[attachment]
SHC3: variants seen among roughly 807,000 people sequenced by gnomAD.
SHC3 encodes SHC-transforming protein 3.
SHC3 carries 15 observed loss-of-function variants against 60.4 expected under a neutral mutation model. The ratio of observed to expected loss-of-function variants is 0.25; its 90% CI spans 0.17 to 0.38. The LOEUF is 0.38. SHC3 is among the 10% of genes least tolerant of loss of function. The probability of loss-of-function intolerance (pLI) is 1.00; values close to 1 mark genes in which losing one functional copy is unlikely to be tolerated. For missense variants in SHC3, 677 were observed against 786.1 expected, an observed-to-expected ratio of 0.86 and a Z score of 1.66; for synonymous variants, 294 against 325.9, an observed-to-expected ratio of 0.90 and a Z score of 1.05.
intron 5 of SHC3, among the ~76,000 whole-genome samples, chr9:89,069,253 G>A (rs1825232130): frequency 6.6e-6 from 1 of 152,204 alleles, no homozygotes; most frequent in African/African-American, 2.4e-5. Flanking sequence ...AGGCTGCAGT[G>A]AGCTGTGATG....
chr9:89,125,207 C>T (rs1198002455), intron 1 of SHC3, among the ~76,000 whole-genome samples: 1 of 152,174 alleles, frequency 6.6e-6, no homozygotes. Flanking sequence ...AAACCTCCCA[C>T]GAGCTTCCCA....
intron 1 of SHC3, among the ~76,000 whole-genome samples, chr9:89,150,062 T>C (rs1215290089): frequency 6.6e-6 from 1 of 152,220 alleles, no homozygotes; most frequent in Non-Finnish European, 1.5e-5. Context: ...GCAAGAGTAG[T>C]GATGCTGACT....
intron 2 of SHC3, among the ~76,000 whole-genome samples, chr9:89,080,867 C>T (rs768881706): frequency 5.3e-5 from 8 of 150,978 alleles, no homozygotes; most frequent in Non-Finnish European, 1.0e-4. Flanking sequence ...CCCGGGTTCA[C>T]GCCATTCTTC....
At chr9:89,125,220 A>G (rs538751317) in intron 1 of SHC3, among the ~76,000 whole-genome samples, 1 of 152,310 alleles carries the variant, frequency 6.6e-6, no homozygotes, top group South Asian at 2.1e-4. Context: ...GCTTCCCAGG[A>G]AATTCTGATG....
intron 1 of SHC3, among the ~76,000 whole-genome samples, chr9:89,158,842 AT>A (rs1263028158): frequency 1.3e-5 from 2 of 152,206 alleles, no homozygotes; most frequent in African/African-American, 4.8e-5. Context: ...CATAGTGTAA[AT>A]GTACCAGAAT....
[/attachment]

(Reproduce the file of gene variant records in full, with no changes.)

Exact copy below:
SHC3: variants seen among roughly 807,000 people sequenced by gnomAD.
SHC3 encodes SHC-transforming protein 3.
SHC3 carries 15 observed loss-of-function variants against 60.4 expected under a neutral mutation model. The ratio of observed to expected loss-of-function variants is 0.25; its 90% CI spans 0.17 to 0.38. The LOEUF is 0.38. SHC3 is among the 10% of genes least tolerant of loss of function. The probability of loss-of-function intolerance (pLI) is 1.00; values close to 1 mark genes in which losing one functional copy is unlikely to be tolerated. For missense variants in SHC3, 677 were observed against 786.1 expected, an observed-to-expected ratio of 0.86 and a Z score of 1.66; for synonymous variants, 294 against 325.9, an observed-to-expected ratio of 0.90 and a Z score of 1.05.
intron 5 of SHC3, among the ~76,000 whole-genome samples, chr9:89,069,253 G>A (rs1825232130): frequency 6.6e-6 from 1 of 152,204 alleles, no homozygotes; most frequent in African/African-American, 2.4e-5. Flanking sequence ...AGGCTGCAGT[G>A]AGCTGTGATG....
chr9:89,125,207 C>T (rs1198002455), intron 1 of SHC3, among the ~76,000 whole-genome samples: 1 of 152,174 alleles, frequency 6.6e-6, no homozygotes. Flanking sequence ...AAACCTCCCA[C>T]GAGCTTCCCA....
intron 1 of SHC3, among the ~76,000 whole-genome samples, chr9:89,150,062 T>C (rs1215290089): frequency 6.6e-6 from 1 of 152,220 alleles, no homozygotes; most frequent in Non-Finnish European, 1.5e-5. Context: ...GCAAGAGTAG[T>C]GATGCTGACT....
intron 2 of SHC3, among the ~76,000 whole-genome samples, chr9:89,080,867 C>T (rs768881706): frequency 5.3e-5 from 8 of 150,978 alleles, no homozygotes; most frequent in Non-Finnish European, 1.0e-4. Flanking sequence ...CCCGGGTTCA[C>T]GCCATTCTTC....
At chr9:89,125,220 A>G (rs538751317) in intron 1 of SHC3, among the ~76,000 whole-genome samples, 1 of 152,310 alleles carries the variant, frequency 6.6e-6, no homozygotes, top group South Asian at 2.1e-4. Context: ...GCTTCCCAGG[A>G]AATTCTGATG....
intron 1 of SHC3, among the ~76,000 whole-genome samples, chr9:89,158,842 AT>A (rs1263028158): frequency 1.3e-5 from 2 of 152,206 alleles, no homozygotes; most frequent in African/African-American, 4.8e-5. Context: ...CATAGTGTAA[AT>A]GTACCAGAAT....